Curly hair unwrapped and let loose past shoulders too prideful to admit that it all has suddenly become too much. Whitewashed walls and a mother feigning strength as she witnesses her daughter unbalanced and unhinged for the very first time in her twenty-one years of life.
So this is what burnout looks like?
Locking oneself in a bathroom cubicle, body slumped across the stone-coloured floor as you gasp desperately for air through the ordeal that is a very public and violent nervous breakdown.
Handing in a letter saying that you are dropping out of university in your final year, after promising your grandfather three years prior to his death that you would never take his many sacrifices for granted, and that you would honour his hard work by being the scholar that neither he, nor your grandmother, nor your father, nor your mother, was ever allowed to be.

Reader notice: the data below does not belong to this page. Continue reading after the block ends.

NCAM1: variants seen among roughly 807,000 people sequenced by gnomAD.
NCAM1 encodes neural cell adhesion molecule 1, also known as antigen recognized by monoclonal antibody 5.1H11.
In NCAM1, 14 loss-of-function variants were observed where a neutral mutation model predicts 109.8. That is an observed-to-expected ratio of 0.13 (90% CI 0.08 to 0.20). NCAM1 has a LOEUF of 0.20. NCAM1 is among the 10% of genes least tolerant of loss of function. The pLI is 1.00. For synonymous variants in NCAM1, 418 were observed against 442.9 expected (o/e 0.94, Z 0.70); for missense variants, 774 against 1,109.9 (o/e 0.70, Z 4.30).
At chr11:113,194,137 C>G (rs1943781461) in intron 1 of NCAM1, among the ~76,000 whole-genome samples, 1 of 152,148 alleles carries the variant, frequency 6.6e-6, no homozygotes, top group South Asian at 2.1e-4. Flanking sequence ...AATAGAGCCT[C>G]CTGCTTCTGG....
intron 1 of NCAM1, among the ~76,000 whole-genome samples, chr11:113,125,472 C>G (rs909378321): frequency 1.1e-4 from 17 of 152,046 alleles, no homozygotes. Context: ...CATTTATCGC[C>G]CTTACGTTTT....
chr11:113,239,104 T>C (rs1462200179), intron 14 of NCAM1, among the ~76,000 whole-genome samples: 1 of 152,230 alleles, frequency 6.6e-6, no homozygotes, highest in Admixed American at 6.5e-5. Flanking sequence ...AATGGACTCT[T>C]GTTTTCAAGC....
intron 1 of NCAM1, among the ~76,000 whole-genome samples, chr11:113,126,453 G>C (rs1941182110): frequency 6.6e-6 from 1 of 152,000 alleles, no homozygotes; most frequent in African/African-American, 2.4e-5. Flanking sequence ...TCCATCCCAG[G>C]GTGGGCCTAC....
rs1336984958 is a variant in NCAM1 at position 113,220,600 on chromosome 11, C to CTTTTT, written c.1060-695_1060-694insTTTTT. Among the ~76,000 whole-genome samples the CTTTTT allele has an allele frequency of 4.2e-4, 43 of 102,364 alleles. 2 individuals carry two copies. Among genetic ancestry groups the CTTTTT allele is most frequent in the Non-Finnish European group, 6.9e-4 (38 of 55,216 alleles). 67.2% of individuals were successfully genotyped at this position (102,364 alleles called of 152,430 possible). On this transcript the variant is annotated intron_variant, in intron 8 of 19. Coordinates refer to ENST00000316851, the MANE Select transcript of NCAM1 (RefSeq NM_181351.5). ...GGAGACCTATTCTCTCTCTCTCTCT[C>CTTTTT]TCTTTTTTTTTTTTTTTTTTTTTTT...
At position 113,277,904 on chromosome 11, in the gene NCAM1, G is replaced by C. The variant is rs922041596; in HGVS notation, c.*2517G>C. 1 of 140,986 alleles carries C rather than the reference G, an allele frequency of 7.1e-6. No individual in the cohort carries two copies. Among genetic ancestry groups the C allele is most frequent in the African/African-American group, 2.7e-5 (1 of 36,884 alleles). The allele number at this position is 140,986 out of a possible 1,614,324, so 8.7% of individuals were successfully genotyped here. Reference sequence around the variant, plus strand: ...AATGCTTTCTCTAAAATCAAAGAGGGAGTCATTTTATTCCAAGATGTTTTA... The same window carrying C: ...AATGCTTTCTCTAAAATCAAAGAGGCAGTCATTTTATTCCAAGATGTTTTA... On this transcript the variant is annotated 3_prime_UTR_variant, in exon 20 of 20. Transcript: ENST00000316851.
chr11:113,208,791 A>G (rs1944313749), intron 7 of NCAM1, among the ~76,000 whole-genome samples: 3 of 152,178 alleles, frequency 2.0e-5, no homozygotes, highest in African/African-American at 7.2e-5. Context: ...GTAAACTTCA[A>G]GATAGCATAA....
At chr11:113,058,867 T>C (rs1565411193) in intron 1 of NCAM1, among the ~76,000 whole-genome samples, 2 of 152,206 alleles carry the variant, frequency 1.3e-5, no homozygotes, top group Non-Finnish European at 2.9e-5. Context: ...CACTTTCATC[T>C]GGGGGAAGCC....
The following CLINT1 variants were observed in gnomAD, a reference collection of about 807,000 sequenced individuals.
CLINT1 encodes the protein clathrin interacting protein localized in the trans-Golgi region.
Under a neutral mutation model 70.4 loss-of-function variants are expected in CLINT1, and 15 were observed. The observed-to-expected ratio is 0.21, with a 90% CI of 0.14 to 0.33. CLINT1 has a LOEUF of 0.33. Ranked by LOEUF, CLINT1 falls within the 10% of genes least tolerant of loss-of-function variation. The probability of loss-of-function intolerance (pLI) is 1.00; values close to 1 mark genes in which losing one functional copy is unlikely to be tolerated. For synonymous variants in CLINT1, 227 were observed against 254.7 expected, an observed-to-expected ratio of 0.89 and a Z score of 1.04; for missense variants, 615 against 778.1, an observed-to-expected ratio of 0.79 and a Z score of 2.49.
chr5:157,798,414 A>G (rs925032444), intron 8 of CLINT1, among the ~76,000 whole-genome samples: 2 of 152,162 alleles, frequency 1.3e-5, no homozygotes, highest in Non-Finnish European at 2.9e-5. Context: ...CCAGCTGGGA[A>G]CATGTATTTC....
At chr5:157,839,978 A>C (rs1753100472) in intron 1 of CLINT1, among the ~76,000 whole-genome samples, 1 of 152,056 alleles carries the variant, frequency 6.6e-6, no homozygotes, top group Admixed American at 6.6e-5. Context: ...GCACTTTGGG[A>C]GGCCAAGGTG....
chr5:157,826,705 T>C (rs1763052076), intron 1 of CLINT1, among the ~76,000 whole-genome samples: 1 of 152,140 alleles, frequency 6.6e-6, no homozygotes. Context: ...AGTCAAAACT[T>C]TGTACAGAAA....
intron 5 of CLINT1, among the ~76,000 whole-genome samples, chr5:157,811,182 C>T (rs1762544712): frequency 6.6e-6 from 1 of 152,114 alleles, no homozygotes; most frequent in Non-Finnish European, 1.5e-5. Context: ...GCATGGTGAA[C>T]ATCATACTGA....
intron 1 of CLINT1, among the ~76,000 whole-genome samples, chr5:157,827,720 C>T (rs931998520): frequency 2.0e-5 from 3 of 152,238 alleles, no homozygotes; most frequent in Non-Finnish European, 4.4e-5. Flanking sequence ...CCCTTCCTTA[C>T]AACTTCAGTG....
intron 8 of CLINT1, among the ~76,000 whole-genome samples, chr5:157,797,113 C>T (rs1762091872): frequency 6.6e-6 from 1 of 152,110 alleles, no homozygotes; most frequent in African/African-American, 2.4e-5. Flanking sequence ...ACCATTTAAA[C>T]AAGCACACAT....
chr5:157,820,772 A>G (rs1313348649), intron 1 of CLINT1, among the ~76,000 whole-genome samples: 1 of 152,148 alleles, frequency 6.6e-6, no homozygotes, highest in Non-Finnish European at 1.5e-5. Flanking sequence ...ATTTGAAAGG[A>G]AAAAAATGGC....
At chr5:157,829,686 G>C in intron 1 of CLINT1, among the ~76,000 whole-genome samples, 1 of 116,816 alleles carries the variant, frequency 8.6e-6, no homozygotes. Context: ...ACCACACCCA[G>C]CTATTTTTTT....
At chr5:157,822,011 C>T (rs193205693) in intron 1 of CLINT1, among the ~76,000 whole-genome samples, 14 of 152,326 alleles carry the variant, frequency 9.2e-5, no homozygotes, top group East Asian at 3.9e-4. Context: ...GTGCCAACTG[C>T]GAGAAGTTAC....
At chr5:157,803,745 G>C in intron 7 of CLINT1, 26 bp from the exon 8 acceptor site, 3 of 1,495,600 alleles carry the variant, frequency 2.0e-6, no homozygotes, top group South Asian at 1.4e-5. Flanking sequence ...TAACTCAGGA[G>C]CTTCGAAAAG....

Email alerts coming through every other minute, reminding you that you are necessary to the cause. You have commitments and obligations that you cannot turn your back on. You are indispensable and you are needed by almost everyone around you.